In this Spiel des Jahres runner-up, you must try to telepathically connect with your fellow players, or at least be able to read their tells and body language while projecting your own back to them. Ninja stars can help your group, allowing you to all simultaneously discard your lowest card from your hand, but they are in very short supply.
This game quite rightly caused a stir upon release, and intrigues almost everyone when you explain it to them. There are numerous board games that attempt to be innovative, but The Mind will live long in the (collective) memory.
Ben G - Unique Games from Fantasy Flight
Fantasy Flight Games grabbed the attention of the tabletop gaming world not once, but twice in 2018 as they released two fascinating games. They came out with KeyForge, the world’s first unique deck game, then followed up with Discover: Lands Unknown, the world’s first unique board game.
The premise of both these games is simple: no two products that you open will be the same. For KeyForge, this is a little easier to grasp. Each deck that you open and play with in CCG-style games will contain a combination of cards that no other deck in existence can match. A complex algorithm picks the card list and ensures that the deck is somewhat playable, then it’s up to players to figure out what to do with the decks they own.
Discover: Lands Unknown is similar. Each box contains a narrative-driven board game with randomised components. Players will get different environment tiles, different characters and different scenarios to put those characters in. The idea is that each game tells a story as you play through it, but no two players will have the same story.
KeyForge has been a roaring success so far, despite a couple of issues with the deck creation. Discover was received more cautiously but has still shown that the concept can work in a more conventional board game package. Fantasy Flight deserve a lot of credit for bringing this innovative style of game to life and I expect to see more along these lines from them in the future as they iterate on their processes. It’s rare that we see something completely new in board gaming, but Fantasy Flight achieved it in 2018 and that’s why their unique games are my pick for innovation of the year.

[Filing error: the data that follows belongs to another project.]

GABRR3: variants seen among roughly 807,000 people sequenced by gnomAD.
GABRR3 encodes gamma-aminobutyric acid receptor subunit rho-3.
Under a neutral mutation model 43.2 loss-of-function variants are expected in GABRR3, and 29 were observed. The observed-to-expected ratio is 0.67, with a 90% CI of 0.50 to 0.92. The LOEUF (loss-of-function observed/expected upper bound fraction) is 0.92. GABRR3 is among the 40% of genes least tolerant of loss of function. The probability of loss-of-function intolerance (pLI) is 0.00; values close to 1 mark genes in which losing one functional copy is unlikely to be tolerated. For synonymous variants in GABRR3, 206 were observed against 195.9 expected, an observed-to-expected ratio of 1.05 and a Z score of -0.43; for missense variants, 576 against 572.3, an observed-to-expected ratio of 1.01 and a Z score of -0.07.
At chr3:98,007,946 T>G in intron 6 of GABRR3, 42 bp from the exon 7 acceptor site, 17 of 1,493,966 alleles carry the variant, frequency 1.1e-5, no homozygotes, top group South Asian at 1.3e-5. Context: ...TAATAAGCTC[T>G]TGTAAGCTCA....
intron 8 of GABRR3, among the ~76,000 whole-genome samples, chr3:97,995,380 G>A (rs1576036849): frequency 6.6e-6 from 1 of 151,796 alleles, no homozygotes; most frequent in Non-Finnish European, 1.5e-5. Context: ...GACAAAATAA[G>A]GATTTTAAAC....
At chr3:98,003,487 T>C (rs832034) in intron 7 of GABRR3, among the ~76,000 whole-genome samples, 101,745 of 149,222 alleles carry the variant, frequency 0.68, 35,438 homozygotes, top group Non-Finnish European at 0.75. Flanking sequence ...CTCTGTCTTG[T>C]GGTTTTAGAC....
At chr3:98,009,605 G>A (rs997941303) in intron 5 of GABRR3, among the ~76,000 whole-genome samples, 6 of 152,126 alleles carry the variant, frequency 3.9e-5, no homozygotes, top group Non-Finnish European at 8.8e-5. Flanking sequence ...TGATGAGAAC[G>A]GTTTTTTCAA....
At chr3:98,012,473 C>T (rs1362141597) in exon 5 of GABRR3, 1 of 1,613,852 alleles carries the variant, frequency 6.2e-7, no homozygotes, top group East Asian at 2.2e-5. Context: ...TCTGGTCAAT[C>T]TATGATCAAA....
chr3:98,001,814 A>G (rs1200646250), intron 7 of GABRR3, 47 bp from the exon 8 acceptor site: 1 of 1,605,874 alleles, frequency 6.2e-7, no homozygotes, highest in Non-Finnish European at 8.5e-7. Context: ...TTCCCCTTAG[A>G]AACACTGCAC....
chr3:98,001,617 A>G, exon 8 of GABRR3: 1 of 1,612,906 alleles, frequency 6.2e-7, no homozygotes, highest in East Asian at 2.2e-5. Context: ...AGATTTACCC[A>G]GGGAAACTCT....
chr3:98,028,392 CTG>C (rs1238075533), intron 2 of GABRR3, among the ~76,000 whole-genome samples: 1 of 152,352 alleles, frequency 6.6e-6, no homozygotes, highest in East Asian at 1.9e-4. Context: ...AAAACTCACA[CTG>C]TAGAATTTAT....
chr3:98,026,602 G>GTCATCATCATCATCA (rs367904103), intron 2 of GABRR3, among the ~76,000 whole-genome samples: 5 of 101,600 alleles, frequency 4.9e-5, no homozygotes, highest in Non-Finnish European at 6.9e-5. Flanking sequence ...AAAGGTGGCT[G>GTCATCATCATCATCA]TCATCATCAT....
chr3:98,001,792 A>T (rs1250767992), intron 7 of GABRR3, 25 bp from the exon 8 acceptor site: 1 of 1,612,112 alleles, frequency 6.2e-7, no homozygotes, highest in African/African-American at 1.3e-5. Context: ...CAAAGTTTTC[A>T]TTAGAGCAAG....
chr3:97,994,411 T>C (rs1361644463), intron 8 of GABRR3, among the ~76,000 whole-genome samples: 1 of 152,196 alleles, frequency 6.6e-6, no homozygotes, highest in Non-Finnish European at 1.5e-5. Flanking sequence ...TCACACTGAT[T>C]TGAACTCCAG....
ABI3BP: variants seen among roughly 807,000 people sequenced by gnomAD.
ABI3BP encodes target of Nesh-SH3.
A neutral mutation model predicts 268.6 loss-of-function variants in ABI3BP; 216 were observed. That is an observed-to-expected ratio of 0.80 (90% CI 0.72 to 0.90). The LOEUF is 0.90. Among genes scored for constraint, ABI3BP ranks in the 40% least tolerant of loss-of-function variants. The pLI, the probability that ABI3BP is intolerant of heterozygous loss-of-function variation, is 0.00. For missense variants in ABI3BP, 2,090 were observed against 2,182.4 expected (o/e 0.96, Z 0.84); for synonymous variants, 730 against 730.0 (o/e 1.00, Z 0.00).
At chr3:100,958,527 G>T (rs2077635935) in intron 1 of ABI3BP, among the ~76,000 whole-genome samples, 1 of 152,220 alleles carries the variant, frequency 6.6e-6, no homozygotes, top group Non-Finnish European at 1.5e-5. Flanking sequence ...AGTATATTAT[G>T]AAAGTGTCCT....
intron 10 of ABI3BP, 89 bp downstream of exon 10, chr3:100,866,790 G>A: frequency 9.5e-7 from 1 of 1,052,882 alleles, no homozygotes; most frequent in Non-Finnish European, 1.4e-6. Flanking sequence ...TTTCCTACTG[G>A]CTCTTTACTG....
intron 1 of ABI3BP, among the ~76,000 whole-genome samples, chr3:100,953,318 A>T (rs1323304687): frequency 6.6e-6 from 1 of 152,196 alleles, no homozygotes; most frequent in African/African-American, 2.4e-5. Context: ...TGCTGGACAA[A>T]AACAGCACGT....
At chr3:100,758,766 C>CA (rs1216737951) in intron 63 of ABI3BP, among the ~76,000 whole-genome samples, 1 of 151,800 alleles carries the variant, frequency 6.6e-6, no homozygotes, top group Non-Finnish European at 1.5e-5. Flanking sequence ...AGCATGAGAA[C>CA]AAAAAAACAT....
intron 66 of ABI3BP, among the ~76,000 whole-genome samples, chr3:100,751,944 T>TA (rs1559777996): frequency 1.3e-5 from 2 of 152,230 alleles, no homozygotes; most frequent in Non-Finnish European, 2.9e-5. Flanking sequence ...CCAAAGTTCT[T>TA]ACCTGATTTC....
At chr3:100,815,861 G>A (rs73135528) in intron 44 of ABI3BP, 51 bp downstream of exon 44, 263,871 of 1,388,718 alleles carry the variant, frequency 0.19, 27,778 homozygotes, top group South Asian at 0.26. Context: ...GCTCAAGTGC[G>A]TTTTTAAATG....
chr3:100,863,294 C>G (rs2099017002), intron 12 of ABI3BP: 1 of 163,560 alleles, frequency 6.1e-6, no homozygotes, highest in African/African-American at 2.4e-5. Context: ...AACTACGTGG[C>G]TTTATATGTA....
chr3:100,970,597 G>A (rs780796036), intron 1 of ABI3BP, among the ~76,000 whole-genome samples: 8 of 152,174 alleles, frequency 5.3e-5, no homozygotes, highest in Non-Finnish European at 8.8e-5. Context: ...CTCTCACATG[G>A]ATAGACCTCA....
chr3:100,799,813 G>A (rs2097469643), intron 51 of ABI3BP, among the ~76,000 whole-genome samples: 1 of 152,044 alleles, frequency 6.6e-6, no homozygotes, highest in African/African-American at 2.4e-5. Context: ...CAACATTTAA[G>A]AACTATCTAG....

Simon L - One Round Games
Occurring in my game of the year and my runner up, the same innovation is apparent. Whilst I think others may note it too, there is a slight difference in them. The innovation is a "one round game". Whilst innovation is becoming harder, I would believe, in board games (among many things) I thought that the mechanism, most notable in the hit game Architects of the West Kingdom has an excellent playing experience.
The worker placement mechanic is now well established and something, I think, must give to provide a new and greater level of enjoyment. This occurs with Architects of the West Kingdom. Whilst worker placements keep you engaged, knowing what you might do on your next turn (and staying alert in case someone takes your spot), the haste feels heightened, like a sheptone, that there is, in principle, one round.
There are mini-rounds. You place a single worker (of the 20 you have) and you wait until everyone else has placed. Then you play again. Play continues until you play in certain locations to remove workers (which can include opponents if you send them to jail and can then sell them!). However, there feels like a real flow and inertia to the game when you, zen like, place a worker, then wave your hand in one motion to gather another, ready to place again.
In Blue Lagoon. There isn’t one round, there are two. But I feel there is a similarity. You place, retrieve and place. Will this winning formula be productive in 2019?